Amplitude modulation spectrogram (modulationProc.m)

The detection of envelope fluctuations is a very fundamental ability of the human auditory system which plays a major role in speech perception. Consequently, computational models have tried to exploit speech- and noise specific characteristics of amplitude modulations by extracting so-called amplitude modulation spectrogram (AMS)features with linearly-scaled modulation filters [Kollmeier1994], [Tchorz2003], [Kim2009], [May2013a], [May2014a], [May2014b]. The use of linearly-scaled modulation filters is, however, not consistent with psychoacoustic data on modulation detection and masking in humans [Bacon1989], [Houtgast1989], [Dau1997a], [Dau1997b], [Ewert2000]. As demonstrated by [Ewert2000], the processing of envelope fluctuations can be described effectively by a second-order band-pass filter bank with logarithmically-spaced centre frequencies. Moreover, it has been shown that an AMS feature representation based on an auditory-inspired modulation filter bank with logarithmically-scaled modulation filters substantially improved the performance of computational speech segregation in the presence of stationary and fluctuating interferers [May2014c]. In addition, such a processing based on auditory-inspired modulation filters has recently also been successful in speech intelligibility prediction studies [Joergensen2011], [Joergensen2013]. To investigate the contribution of both AMS feature representations, the amplitude modulation processor can be used to extract linearly- and logarithmically-scaled AMS features. Therefore, each frequency channel of the IHC representation is analysed by a bank of modulation filters. The type of modulation filters can be controlled by setting the parameter ams_fbType to either ’lin’ or ’log’. To illustrate the difference between linear linearly-scaled and logarithmically-scaled modulation filters, the corresponding filter bank responses are shown in Fig. 34. The linear modulation filter bank is implemented in the frequency domain, whereas the logarithmically-scaled filter bank is realised by a band of second-order IIR Butterworth filters with a constant-Q factor of 1. The modulation filter with the lowest centre frequency is always implemented as a low-pass filter, as illustrated in the right panel of Fig. 34.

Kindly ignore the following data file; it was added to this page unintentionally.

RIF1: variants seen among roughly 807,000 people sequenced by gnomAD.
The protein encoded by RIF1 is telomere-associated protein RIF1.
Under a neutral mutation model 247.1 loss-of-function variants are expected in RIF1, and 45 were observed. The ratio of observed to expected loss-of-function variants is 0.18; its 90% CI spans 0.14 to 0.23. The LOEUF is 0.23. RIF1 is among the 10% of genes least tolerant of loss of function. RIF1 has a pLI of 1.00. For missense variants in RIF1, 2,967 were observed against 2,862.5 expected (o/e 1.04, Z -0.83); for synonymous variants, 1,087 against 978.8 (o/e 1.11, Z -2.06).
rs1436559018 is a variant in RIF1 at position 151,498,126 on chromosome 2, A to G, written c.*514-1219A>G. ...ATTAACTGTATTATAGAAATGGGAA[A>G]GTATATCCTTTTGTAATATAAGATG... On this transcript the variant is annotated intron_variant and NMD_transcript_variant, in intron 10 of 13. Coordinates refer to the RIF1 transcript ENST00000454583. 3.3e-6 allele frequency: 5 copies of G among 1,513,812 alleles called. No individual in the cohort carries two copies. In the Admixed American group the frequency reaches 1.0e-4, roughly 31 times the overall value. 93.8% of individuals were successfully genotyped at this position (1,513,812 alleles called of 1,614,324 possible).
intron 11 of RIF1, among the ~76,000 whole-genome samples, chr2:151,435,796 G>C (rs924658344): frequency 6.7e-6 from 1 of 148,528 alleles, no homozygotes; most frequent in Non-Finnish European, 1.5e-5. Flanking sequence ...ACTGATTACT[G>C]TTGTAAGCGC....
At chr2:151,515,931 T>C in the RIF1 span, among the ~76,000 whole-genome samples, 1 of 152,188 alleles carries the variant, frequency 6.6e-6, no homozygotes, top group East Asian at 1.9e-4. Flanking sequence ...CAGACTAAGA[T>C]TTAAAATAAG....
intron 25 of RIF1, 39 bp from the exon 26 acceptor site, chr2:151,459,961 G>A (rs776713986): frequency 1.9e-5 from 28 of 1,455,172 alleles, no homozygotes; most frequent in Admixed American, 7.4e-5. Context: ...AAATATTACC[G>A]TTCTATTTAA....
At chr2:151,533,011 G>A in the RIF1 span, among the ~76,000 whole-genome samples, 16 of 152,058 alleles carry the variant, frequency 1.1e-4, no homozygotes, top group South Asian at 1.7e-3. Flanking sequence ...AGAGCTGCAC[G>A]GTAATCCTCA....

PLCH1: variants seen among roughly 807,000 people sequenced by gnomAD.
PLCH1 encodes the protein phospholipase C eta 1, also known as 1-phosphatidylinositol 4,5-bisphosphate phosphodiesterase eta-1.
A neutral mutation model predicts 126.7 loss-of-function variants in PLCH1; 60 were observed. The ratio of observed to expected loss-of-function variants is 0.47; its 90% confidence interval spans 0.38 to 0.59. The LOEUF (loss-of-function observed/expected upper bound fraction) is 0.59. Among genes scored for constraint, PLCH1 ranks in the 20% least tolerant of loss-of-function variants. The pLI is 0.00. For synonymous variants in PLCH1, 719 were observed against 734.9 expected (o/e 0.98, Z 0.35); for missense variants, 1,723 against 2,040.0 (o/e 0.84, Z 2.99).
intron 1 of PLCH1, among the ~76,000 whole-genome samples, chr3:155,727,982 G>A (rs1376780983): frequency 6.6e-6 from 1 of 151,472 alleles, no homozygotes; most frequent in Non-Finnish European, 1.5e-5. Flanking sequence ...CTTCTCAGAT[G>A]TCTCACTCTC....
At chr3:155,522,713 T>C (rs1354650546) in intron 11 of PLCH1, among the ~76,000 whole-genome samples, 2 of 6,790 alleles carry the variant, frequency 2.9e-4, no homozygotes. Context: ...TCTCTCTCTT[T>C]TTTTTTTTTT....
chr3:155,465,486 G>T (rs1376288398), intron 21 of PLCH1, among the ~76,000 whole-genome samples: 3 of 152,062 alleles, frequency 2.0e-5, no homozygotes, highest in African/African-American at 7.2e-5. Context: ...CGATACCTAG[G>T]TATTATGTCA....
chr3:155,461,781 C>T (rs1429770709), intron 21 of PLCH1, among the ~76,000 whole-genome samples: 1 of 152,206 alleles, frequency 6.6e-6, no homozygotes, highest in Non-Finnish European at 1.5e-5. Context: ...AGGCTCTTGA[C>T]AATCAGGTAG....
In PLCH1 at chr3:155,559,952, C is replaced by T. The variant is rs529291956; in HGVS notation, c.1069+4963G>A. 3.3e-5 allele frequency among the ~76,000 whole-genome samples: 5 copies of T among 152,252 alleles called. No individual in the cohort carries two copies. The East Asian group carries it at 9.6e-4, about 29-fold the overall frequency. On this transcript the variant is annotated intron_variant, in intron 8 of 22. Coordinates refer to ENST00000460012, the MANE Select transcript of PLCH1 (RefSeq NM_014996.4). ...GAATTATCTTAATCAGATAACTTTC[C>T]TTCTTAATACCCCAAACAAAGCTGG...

../../../_images/ModFB.png

Fig. 34 Transfer functions of 15 linearly-scaled (left panel) and 9 logarithmically-scaled (right panel) modulation filters.

Similarly to the gammatone processor described in Gammatone (gammatoneProc.m), there are different ways to control the centre frequencies of the individual modulation filters, which depend on the type of modulation filters

  • ams_fbType = 'lin'
    1. Specify ams_lowFreqHz, ams_highFreqHz and ams_nFilter. The requested number of filters ams_nFilter will be linearly-spaced between ams_lowFreqHz and ams_highFreqHz. If ams_nFilter is omitted, the number of filters will be set to 15 by default.
  • ams_fbType = 'log'
    1. Directly define a vector of centre frequencies, e.g. ams_cfHz = [4 8 16 ...]. In this case, the parameters ams_lowFreqHz, ams_highFreqHz, and ams_nFilter are ignored.
    2. Specify ams_lowFreqHz and ams_highFreqHz. Starting at ams_lowFreqHz, the centre frequencies will be logarithmically-spaced at integer powers of two, e.g. 2^2, 2^3, 2^4 ... until the higher frequency limit ams_highFreqHz is reached.
    3. Specify ams_lowFreqHz, ams_highFreqHz and ams_nFilter. The requested number of filters ams_nFilter will be spaced logarithmically as power of two between ams_lowFreqHz and ams_highFreqHz.

The temporal resolution at which the AMS features are computed is specified by the window size ams_wSizeSec and the step size ams_hSizeSec. The window size is an important parameter, because it determines how many periods of the lowest modulation frequencies can be resolved within one individual time frame. Moreover, the window shape can be adjusted by ams_wname. Finally, the IHC representation can be downsampled prior to modulation analysis by selecting a downsampling ratio ams_dsRatio larger than 1. A full list of AMS feature parameters is shown in Table 31.